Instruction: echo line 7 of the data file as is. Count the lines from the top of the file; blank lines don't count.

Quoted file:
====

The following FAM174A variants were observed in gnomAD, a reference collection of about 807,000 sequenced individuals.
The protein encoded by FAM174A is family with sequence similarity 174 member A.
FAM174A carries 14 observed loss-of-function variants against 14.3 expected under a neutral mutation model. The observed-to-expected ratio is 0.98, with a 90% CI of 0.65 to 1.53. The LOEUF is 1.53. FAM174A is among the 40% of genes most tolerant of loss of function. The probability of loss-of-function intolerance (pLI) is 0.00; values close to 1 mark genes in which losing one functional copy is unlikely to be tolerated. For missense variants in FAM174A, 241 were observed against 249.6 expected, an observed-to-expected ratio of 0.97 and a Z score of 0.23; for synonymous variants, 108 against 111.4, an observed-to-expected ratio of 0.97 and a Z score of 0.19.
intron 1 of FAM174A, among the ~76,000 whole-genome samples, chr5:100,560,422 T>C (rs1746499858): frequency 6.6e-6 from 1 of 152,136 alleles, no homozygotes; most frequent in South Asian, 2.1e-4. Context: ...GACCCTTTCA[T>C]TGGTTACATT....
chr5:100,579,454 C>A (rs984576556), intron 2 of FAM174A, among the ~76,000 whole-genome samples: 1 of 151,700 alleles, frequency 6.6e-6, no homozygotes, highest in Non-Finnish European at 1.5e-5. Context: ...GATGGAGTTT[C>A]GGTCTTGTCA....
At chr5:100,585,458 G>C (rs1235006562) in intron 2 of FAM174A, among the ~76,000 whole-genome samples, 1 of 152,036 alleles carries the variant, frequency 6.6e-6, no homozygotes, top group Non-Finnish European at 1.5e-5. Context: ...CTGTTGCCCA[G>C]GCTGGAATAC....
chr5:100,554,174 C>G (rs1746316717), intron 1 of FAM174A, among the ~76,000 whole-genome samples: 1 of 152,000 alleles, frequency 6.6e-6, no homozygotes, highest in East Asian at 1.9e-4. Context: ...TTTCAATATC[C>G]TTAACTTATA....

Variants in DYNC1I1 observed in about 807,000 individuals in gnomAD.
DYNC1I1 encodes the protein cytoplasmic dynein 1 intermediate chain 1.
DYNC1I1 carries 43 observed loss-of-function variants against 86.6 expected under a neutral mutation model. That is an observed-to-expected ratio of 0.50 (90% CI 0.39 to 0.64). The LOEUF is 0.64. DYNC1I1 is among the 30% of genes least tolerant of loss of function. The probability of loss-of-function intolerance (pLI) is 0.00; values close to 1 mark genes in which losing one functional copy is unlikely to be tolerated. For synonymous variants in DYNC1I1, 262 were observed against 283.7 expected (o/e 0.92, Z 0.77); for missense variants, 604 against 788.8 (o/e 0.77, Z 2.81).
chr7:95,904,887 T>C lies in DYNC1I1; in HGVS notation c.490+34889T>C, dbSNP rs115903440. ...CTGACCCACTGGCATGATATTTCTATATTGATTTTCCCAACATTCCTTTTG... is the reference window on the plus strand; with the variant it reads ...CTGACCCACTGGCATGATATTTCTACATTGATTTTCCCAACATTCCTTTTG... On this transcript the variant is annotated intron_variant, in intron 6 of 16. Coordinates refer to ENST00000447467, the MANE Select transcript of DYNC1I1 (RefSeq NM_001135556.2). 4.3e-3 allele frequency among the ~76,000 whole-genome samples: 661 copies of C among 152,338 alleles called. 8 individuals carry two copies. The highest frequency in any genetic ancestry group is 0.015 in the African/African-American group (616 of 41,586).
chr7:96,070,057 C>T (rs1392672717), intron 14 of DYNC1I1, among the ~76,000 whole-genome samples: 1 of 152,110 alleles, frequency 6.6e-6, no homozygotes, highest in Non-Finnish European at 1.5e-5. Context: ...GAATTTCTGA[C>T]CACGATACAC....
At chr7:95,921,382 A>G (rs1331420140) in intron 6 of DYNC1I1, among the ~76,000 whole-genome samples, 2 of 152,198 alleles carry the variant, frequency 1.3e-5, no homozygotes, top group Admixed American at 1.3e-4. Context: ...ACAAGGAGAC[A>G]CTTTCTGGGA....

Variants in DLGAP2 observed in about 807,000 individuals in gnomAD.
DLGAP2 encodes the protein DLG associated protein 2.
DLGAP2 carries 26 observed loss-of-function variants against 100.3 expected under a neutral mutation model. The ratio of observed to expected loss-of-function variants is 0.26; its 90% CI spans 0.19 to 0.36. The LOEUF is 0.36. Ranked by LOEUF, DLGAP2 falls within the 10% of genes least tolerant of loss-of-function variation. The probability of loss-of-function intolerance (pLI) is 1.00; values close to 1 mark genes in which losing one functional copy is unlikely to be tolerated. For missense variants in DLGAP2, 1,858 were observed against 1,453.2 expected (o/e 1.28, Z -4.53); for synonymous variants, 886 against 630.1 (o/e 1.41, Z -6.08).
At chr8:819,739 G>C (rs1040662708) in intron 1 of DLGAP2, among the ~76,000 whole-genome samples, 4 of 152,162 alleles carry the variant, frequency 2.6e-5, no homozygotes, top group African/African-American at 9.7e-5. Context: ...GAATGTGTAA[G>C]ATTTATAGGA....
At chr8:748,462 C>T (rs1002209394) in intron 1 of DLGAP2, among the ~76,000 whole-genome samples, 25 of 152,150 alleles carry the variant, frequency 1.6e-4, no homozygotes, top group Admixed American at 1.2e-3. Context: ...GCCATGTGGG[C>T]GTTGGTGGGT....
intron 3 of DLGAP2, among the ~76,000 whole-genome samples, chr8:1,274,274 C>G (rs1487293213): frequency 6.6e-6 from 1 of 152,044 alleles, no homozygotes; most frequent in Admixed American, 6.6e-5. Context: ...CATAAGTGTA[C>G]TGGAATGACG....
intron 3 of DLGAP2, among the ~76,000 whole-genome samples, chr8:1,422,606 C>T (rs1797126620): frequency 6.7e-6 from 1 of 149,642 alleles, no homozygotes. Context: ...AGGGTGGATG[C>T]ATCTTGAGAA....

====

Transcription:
chr5:100,554,174 C>G (rs1746316717), intron 1 of FAM174A, among the ~76,000 whole-genome samples: 1 of 152,000 alleles, frequency 6.6e-6, no homozygotes, highest in East Asian at 1.9e-4. Context: ...TTTCAATATC[C>G]TTAACTTATA....